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‘Storm Area 51’ event has Nevada businesses bracing for the unknown

RACHEL — How do you plan for something like “Storm Area 51, They Can’t Stop All of Us,” the Facebook event that started as a joke, quickly became a national obsession and could end up attracting anywhere from a couple of dozen curious onlookers to tens of thousands of alien-seeking die-hards to a town with just 56 full-time residents?

The simple answer: You don’t.

“With the way it was thrown in our laps, you just don’t,” Cody Theising says during a brief break outside the Little A’Le’Inn in Rachel. “You deal with that as it comes.”

The Lincoln County landmark, situated along the Extraterrestrial Highway, is owned by his mother, Connie West, and grandmother, Pat Travis. They’re quick to point out they had nothing to do with the Facebook post asking people to storm the secretive Air Force base to “see them aliens.”

The “storming,” originally scheduled for Sept. 20 in Amargosa Valley, has morphed into a music and arts festival, recently dubbed Alienstock, set for Sept. 19-22 in Rachel.

The small collection of homes roughly 10 miles from the base is the nearest thing to Area 51 resembling a town. That has left West and her family, who run the only business in Rachel, to deal with the fallout.

“We’ve all had people call us and say, ‘Listen, we’ll give you 3 grand if you bump somebody out of a room,’” she reveals. “And we say, ‘That’s unethical.’”

Nine of the motel’s 10 rooms are in three converted, three-bedroom mobile homes with shared kitchens, living rooms and bathrooms. They sold out for Sept. 20 almost immediately at the standard rate of $60 per night.

“Someone offered me $25,000 if I’d kick someone out of a room,” says West’s niece, Samantha Travis, who shares a leadership role in the motel, bar and diner with her cousin, Cody. “They started at $10,000, went to $15,000, then $20,000. I’m, like, ‘I’m sorry! I can’t do that!’”

Beware of rattlesnakes

“I don’t know what they’re doing out in Rachel, other than they said they’re going to have bands and a party,” says George Harris, owner of the Alien Research Center in Hiko. “We’re actually really ufologists, and we’re into this, so we’re going to have great speakers come up.”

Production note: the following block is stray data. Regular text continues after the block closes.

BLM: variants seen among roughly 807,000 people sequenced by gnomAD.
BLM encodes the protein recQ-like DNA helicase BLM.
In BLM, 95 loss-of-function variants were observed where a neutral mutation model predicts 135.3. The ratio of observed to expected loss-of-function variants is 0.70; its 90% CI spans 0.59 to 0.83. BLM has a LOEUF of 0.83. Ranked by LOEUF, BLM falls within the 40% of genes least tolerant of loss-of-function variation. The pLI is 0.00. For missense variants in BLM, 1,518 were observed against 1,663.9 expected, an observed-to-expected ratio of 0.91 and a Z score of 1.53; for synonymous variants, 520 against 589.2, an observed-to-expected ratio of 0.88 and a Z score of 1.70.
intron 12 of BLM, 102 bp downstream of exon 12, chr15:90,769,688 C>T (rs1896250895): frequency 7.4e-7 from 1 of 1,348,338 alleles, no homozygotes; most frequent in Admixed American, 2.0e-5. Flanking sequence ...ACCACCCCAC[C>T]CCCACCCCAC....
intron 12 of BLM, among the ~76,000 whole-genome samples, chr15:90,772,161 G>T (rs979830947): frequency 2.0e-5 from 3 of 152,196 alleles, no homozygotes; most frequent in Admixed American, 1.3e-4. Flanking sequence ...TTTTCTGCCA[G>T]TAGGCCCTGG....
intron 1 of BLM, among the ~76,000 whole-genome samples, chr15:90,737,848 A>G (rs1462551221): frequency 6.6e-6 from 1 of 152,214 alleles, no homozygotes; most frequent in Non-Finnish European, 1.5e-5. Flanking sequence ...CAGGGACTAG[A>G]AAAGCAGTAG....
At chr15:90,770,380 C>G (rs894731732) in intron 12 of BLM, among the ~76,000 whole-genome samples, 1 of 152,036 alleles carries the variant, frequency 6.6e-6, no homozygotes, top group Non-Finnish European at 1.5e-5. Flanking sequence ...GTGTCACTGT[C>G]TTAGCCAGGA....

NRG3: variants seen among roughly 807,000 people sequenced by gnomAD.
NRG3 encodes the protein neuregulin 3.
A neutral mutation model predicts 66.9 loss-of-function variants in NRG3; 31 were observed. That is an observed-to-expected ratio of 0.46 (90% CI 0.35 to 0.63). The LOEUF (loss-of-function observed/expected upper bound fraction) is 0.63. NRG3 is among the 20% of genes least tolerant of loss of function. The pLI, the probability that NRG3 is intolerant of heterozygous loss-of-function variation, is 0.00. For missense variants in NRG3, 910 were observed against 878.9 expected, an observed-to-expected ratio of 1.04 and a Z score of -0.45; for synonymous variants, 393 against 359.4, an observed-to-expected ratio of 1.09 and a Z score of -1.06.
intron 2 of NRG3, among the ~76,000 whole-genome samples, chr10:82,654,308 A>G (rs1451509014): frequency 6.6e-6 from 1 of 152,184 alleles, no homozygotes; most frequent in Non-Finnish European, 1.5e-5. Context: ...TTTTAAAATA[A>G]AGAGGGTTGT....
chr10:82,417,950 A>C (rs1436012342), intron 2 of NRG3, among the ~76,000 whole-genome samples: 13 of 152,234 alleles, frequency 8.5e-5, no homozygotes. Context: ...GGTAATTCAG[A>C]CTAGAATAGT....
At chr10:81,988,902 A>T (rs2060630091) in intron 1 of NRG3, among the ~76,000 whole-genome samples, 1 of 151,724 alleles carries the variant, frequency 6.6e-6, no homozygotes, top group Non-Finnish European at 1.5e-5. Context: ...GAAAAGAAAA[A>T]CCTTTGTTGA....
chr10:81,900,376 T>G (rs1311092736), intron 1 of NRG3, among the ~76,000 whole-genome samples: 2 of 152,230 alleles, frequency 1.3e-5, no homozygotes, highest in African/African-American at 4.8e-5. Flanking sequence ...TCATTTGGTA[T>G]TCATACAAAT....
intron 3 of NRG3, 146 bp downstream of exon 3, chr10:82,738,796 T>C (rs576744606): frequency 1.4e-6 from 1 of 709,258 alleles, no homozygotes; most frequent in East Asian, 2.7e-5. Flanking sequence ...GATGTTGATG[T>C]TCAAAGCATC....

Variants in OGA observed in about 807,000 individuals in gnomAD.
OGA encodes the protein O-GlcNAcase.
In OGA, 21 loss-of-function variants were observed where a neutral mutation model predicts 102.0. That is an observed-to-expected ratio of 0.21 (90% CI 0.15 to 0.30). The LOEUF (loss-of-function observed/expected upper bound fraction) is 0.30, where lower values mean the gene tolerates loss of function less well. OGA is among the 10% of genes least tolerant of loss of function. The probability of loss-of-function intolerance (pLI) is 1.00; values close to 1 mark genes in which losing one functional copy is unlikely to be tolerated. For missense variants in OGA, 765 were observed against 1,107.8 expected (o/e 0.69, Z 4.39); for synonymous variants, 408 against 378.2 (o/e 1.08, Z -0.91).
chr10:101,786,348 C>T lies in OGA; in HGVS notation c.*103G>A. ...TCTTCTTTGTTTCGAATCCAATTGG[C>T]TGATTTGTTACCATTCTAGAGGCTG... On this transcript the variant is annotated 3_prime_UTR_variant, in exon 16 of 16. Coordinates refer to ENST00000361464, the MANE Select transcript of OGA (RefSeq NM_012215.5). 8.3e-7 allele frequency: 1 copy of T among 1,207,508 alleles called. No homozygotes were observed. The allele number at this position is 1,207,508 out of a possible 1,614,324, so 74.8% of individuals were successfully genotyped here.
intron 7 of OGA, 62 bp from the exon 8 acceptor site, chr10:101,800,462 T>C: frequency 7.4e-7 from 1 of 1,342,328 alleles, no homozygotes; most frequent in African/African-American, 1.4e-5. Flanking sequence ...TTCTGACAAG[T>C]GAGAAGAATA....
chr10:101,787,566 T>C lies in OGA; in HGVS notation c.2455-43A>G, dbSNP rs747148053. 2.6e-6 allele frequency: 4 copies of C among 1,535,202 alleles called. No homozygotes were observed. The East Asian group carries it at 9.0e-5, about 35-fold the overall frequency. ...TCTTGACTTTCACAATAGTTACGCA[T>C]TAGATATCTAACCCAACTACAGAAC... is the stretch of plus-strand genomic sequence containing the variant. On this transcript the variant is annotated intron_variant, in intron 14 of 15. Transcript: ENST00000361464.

Harris’ festival is scheduled for 9 a.m.-11 p.m. Sept. 20-21 at the tourist attraction and gift shop near U.S. 93 and the Extraterrestrial Highway. He says the event will include telescopes hooked up to a viewing screen as they search the stars, as well as screenings of the documentary “Bob Lazar: Area 51 & Flying Saucers,” and other alien-themed movies.

More details to come

Pricing is still being worked out, and he hopes to announce a number of participating bands in the coming days.

“This thing hasn’t subsided. It’s just getting bigger and bigger,” Harris says. “When this first started, we were probably getting six to eight phone calls a day. Now we’re getting 15-20 phone calls an hour.”

He has been cautioning those callers from the start.

“I’m telling them all, you’d better bring water. You’d better bring closed-toed shoes. The most important thing is going to be safety. You know there’s going to be issues, but we’re trying to mitigate the issues as much as possible.”

Along those lines, Harris says he’s bringing in “executive toilets” and a tractor-trailer filled with water, setting up a space for food trucks and setting aside an acre of land for camping, motorhomes and an area where people can “glamp” in bubble tents that allow them to look up at the stars. He’s also having 17,000 square feet of artificial turf delivered.

He’s hoping for a safe, fun two days of UFO-friendly activities — and no actual storming of Area 51.

“The first thing is safety,” Harris says. “I’ve gotta get the word out to these folks that you can’t be going across the desert floor at 3 in the morning. The only thing that’s going to happen to them is they’re going to get bit by a rattlesnake or by a tarantula or by a scorpion.”

No idea what to expect

“I feel like we’re just as unprepared for this as everybody else is, you know?”

Sean Reasoner works at the Sunset View Inn in Alamo, which is owned by his mother-in-law, Pam Broxson, and managed by his wife, Lindsay.

The motel is the first commercial establishment drivers will see along U.S. 93 on the way to Rachel for 70 miles. The small liquor store by the front desk is a rarity along the route, and it’s one of the few places that sell booze that doesn’t come in an alien-shaped bottle.

“I can’t tell you how many people we have turned away,” Reasoner says. The modest motel’s 10 themed rooms — including ones devoted to hippies, Westerns, safaris and life under the sea — were booked within a few days after the Facebook post went viral. “I’ve heard a lot of stuff is sold out all the way to Reno.”

Like pretty much everyone — on this planet, at least — Reasoner has no idea what to expect come Sept. 20.

“You know, there’s probably going to be some idiots that are gonna try to hop the fence. But one thing they have to remember is that it’s a military base. You will get shot, you know, or detained,” he says. “Don’t turn it into something bad. If anything, let’s just turn this into a huge festival like Burning Man or something like that.”

Positive outlook

Assuming people behave themselves — for the most part, anyway — Reasoner can only see benefits from all the attention.

“This is such a dead area. There’s not a lot happening out here. For us, to bring business to a little area like this, and to Rachel and to Caliente …”

The thought of a bit of prosperity hangs in the air.

For now, though, one thing is certain.

“We need to stock up on liquor, just in case.”

Contact Christopher Lawrence at clawrence@reviewjournal.com or 702-380-4567. Follow @life_onthecouch on Twitter.

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